Rare vultures nesting in Israel poisoned by farmers aiming to kill wolves

The poison in the bodies of dead livestock is racking an Israeli vulture population that has already shrunk in recent years.
By Zafrir Rinat | Apr. 19, 2015 | 1:29 PM

Two vultures are in critical condition Sunday, suspected of being sickened by farmers who spread illegal poison in the carcasses of cows and sheep as a way to kill wild dogs, wolves and jackals.

The number of vultures and eagles nesting in Israel has fallen sharply in recent years, so these and other recent poisonings represent a serious blow to the country’s wildlife.

The two vultures were found in the Shunra Sands region in the south, which is used by farmers and also by the army for training. The birds were found over the weekend and sent to the animal hospital at the Zoological Center Tel Aviv-Ramat Gan, commonly known as Safari Park.

Alongside the vultures lay the bodies of two other birds of prey — one kite and one Egyptian vulture — and three wild dogs. All the animals had died from the poison, whose source was probably the decaying body of a dead sheep, which was found nearby.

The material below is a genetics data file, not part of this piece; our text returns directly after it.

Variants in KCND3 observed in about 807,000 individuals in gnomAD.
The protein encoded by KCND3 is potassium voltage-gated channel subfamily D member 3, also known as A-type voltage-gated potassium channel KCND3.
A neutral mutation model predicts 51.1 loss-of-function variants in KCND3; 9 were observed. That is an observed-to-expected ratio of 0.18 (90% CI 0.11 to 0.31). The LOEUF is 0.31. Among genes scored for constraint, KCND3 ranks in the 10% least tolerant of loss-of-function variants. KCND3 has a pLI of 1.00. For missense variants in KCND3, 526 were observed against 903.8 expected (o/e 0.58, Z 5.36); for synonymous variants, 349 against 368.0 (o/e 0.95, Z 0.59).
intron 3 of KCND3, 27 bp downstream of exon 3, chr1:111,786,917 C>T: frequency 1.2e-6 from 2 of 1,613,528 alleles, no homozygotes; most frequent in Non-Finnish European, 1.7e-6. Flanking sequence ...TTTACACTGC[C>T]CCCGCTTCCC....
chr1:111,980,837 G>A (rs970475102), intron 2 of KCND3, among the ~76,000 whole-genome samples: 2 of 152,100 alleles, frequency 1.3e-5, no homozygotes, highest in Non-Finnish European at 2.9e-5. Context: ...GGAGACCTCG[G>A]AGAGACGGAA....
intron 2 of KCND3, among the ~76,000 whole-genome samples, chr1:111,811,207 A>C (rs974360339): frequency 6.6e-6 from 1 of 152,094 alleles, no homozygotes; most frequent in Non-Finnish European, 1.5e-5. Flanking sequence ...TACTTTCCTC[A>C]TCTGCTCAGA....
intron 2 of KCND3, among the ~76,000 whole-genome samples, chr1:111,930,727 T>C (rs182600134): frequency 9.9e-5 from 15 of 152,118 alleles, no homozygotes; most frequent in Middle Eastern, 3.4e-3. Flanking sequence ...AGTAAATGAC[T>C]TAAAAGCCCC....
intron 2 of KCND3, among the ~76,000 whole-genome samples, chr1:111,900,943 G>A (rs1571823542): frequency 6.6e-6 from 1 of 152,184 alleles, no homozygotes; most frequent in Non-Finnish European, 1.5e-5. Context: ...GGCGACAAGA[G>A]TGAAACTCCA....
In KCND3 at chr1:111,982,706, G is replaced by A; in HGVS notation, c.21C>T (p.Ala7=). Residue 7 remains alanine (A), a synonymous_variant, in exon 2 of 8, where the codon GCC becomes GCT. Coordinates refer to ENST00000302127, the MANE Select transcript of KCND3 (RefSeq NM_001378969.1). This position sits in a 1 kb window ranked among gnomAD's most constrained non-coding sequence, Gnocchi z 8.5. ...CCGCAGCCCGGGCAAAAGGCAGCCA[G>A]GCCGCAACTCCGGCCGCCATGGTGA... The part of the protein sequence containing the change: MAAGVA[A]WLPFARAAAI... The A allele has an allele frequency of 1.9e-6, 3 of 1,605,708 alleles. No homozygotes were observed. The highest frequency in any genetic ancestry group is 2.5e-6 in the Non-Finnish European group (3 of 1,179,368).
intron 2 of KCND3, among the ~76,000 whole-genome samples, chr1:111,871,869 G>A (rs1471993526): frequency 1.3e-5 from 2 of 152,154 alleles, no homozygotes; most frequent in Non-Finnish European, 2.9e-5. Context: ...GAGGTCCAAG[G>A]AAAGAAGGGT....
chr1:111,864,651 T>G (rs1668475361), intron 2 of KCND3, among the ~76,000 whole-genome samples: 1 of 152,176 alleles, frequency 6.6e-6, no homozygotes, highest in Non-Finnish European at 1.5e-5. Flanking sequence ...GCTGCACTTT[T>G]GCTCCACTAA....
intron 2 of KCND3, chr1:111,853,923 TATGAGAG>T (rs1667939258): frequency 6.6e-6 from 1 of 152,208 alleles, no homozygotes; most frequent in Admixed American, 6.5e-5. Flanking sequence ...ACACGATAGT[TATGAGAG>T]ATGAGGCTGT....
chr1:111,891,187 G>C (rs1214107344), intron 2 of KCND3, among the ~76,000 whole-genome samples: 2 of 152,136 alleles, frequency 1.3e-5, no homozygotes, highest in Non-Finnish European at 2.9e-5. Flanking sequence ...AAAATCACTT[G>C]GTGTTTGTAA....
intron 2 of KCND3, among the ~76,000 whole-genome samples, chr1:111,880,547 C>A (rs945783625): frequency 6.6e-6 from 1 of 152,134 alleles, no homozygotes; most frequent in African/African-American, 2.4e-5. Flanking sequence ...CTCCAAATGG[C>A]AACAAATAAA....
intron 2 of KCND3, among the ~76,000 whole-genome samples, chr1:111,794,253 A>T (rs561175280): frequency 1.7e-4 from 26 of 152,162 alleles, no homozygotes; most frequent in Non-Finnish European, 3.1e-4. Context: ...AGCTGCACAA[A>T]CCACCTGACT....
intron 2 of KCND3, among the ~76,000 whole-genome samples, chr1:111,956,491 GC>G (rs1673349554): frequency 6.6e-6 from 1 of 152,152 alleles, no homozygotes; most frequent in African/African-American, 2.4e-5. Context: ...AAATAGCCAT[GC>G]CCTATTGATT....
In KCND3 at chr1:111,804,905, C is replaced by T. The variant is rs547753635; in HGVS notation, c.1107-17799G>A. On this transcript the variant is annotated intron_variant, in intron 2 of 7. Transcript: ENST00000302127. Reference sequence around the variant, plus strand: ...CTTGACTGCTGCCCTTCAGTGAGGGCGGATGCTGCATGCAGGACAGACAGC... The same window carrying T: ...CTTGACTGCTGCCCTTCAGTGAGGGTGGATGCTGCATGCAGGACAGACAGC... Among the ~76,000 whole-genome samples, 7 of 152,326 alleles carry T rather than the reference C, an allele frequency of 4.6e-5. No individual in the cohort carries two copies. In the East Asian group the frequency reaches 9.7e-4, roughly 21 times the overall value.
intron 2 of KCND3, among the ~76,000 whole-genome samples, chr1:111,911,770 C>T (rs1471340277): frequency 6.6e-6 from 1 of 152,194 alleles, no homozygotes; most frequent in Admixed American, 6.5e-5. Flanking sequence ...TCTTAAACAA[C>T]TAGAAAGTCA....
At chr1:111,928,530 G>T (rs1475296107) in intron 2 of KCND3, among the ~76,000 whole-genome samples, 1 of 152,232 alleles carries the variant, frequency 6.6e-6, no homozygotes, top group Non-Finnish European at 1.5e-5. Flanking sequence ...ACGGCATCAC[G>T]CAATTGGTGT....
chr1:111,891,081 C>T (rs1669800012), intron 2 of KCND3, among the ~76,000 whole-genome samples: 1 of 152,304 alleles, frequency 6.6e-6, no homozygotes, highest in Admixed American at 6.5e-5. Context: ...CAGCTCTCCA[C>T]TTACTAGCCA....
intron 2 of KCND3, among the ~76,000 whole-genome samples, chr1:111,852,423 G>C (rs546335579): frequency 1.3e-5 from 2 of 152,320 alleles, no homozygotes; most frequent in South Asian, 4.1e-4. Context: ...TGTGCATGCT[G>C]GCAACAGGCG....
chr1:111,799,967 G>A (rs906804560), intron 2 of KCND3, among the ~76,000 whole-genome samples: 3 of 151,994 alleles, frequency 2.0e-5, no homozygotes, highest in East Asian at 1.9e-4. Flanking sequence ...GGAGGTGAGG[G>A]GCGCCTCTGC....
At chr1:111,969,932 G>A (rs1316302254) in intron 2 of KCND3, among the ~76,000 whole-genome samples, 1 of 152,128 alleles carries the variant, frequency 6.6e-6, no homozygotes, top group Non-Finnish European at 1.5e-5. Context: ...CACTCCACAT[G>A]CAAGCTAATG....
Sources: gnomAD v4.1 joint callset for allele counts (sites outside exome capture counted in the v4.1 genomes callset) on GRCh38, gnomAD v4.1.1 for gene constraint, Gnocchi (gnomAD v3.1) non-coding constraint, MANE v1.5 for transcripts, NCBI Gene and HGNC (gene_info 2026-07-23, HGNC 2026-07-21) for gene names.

This was the third incident in six weeks in which wild animals have been poisoned in either the Negev in the south or the Golan Heights in the north.

This weekend’s poisonings were discovered after an exhausted vulture was spotted at the Shunra Sands. It was suffering heart problems and was treated with atrophine, which can neutralize harm to the nervous system. Its condition improved.

Curious young birds in Wellington sanctuary trip on magic mushrooms

5:00 AM Sunday Apr 19, 2015

A group of inquisitive birds were left out of their tree after eating what is believed to be magic mushrooms at a Wellington wildlife sanctuary.

Five rare little hihi - mostly juveniles - were found "sort of paralysed or spasming" on the ground in the Zealandia Sanctuary in Karori after a ranger noticed them pecking at an unidentified fungus.

Zealandia lead ranger conservation Matu Booth said the age of the birds that ate the mushrooms may go some way towards explaining their strange behaviour.

"Maybe it was a bit of a teenage 'let's try it' mentality. Perhaps one bird was down there trying it and others were encouraged to do it, too," he said.

All the birds recovered after being placed in cardboard boxes and left to come down for a few hours.